May 24, 2018
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Area arts, venues saw surge over the decade

By Emily Burnham, BDN Staff

With less than two weeks left of 2009 and the first decade of the 21st century, let’s take a look at where we were 10 years ago, as far as music, culture and community arts scenes go.

In 1999, hardly anyone had a cell phone, and less than 50 percent of Americans had Internet access at home. Today, it’s the exact opposite — we’re always connected all the time. In 1999, iTunes and the iPod did not exist. Now, you can have every song you could ever possibly want to listen to on a piece of equipment the size of a deck of cards. To quote the great comedian Patton Oswalt, it’s a miracle!

In 1999, storefronts and commercial areas in towns and cities across the state were empty. Belfast and Rockland were just picking up, and downtown Bangor was still largely a ghost town. There was no centralized place to know what was happening and where, and quite frankly, there was no place for “it” to happen. Today, that’s not really the case. In fact, the turnaround from even just five years ago is remarkable.

2009 marks the end of a decade in which everything fundamentally changed. It’s an exciting time to be alive, and it’s only going to get more exciting as the years progress. And it’ll certainly have ramifications for the average people who want to see more music, more art and more culture in their communities. Here’s to positive change, and to more cool, creative, progressive people making art of any kind in Maine. Here’s my personal list of some of the highlights of the eastern Maine music scene in 2009.


Undoubtedly the coolest music venue to open in the area this year is Roots & Tendrils, the boutique-art gallery-music venue located on Cross Street in downtown Belfast. Since opening last June, it has played host to some of Maine and New England’s most interesting bands, ranging from indie punk to jazz to acoustic folk. Cheers to Bub and Meg Fournier for taking a gamble and opening a venue for live music. It’s a boon to bands looking for a showcase for their stuff.

Also worth mentioning is the continuing renewal of downtown Bangor, especially in West Market Square. With new places like the Thai Siam Bar and Ipanema, as well as old standbys such as the Whig & Courier and Paddy Murphy’s, hosting bands and DJs every weekend, the Square is the hub around which activity centers. But let’s not forget the fact that the Bangor Opera House hosts many bands each year, as well as Giacomo’s, the Union Street Brick Church on Thursday nights, and Luna Bar & Grill, on occasion.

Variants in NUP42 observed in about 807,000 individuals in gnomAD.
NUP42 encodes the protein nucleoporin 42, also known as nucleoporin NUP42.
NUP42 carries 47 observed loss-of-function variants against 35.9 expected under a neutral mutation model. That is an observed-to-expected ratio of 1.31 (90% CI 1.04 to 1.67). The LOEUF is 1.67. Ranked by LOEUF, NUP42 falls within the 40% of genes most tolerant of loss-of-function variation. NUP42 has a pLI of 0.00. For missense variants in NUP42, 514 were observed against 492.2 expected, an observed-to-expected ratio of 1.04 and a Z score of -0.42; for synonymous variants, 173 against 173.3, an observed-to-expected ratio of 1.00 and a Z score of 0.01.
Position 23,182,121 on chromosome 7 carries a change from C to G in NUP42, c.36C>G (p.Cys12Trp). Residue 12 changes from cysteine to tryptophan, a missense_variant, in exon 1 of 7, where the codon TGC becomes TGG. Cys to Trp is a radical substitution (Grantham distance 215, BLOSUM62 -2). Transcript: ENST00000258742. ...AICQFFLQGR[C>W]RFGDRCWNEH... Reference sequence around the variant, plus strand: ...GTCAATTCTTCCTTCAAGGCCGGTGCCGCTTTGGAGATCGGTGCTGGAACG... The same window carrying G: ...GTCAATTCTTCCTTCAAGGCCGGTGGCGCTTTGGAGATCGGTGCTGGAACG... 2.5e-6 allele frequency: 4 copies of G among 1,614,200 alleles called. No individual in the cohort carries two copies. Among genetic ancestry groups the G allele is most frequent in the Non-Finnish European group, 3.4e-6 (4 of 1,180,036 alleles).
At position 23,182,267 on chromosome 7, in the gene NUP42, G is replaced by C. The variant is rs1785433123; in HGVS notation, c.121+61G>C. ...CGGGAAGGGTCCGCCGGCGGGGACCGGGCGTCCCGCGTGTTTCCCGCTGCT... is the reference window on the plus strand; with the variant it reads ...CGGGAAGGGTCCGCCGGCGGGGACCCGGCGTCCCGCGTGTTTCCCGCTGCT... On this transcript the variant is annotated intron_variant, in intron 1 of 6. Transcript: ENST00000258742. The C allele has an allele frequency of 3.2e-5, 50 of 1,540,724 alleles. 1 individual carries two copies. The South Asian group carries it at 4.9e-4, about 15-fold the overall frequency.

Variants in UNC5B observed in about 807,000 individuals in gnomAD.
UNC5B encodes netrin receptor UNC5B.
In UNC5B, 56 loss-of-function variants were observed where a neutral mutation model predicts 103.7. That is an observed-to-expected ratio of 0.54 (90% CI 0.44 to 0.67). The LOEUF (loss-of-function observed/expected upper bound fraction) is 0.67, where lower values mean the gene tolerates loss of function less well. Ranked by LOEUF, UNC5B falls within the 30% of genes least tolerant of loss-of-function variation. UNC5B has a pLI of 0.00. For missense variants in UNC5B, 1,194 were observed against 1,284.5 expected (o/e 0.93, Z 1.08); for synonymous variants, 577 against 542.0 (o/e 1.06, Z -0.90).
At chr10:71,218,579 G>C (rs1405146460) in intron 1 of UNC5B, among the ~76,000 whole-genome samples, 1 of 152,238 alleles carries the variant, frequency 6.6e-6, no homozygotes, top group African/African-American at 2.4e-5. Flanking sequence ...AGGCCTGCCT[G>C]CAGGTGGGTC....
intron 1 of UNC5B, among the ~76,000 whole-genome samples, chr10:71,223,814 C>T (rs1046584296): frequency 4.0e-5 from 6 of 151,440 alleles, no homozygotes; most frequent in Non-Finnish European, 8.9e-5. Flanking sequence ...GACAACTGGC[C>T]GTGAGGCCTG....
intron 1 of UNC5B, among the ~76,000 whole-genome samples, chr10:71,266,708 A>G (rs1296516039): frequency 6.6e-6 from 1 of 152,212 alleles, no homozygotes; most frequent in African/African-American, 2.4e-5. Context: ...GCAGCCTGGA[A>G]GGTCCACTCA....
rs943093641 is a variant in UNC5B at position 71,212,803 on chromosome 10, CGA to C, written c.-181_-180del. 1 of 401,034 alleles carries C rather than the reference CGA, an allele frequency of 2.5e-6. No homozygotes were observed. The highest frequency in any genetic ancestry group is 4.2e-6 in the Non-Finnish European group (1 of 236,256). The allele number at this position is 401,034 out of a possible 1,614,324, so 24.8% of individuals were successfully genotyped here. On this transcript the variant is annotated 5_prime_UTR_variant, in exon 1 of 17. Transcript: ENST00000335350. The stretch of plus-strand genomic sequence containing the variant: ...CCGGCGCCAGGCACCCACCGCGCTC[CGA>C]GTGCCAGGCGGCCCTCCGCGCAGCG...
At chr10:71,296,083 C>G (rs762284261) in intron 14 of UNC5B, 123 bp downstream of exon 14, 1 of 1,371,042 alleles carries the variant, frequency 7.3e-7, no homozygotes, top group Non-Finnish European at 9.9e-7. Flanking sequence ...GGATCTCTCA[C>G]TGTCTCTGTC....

In Bangor, two big events happened this year: the West Market Festival and the KahBang Festival. West Market, held last June, hosted Rustic Overtones, Feel it Robot, the Bar Stuards and many more Maine bands for a full day of outdoor shenanigans in West Market Square. KahBang was held on the Bangor Waterfront, and featured headlining acts such as Matt and Kim, Ra Ra Riot and a litany of other international talent. At its peak, more than 1,000 people were in attendance. That’s nothing to sneeze at; in fact, it’s unprecedented in recent Bangor history. Look out for KahBang 2010, courtesy of West Market Productions.

For outdoor concert series, the gold star undoubtedly has to go to Belfast, for its Summer Nights concerts, each Thursday during the warmer months. Mostly local, and always entertaining, the town puts an emphasis on diversity and funkiness for the months of weekly music it programs. A close runner up, however, is the Bar Harbor Jazz Festival, which puts some of Maine’s best jazz groups in venues all over the town.


For sheer enjoyment, you can’t go wrong with the Flannery Brothers album “Love Songs for Silly Things.” Yes, it’s a kid’s album, but it’s also some of the sweetest, smartest songwriting you’ve heard all year. And the Flannery Brothers’ live show is so danceable I defy you to resist at least tapping your toes.

For a bit more existential ennui, check out Wood Burning Cat’s “Borono,” recorded over the course of a year by songwriters Jason Unterreiner and Tony Bitetti. It documents life in a small town in Maine, when you’re too smart for your own good. It’s also tuneful, well-crafted indie pop.

Sam and Yuri, the Bangor-based songwriting duo, put out a killer LP this year titled “Drip and Bleed.” It’s Maine-made indie rock, in the vein of Simon & Garfunkel or Death Cab for Cutie, that’s sensitive, melodically dense and full of gorgeous harmonies. Sam and Yuri were so busy they recorded a follow-up EP, “The Pushaw Lake EP,” just last summer.

Down Belfast ways, the Travis Lloyd Band, featuring (you guessed it) lead songwriter and singer Travis Lloyd, put out one heck of a roots rock album titled “Old Damn Rodeo.” Think Ray LaMontagne mixed with Elvis Costello, with just the slightest country twang. It’s very satisfying stuff.

Finally, she may have left Maine, but Sara Hallie Richardson’s album “A Curious Paradox” blends folk and electronica into an intoxicating stew. She has a pure, crystalline voice that will melt your heart — and then steal it.

On a sad note, I was awfully bummed to see the band Feel It Robot break up. Things happen, though, and several of the band members have moved on to other things: Mike and Dan Flannery are, in fact, the Flannery Brothers, and drummer Sasha Alcott has moved onto the indie punk band Queen City. That’s how it goes; things evolve. I’m pretty psyched to see the kinds of evolution that will go on in 2010.

Happy Holidays and Happy New Year to all!


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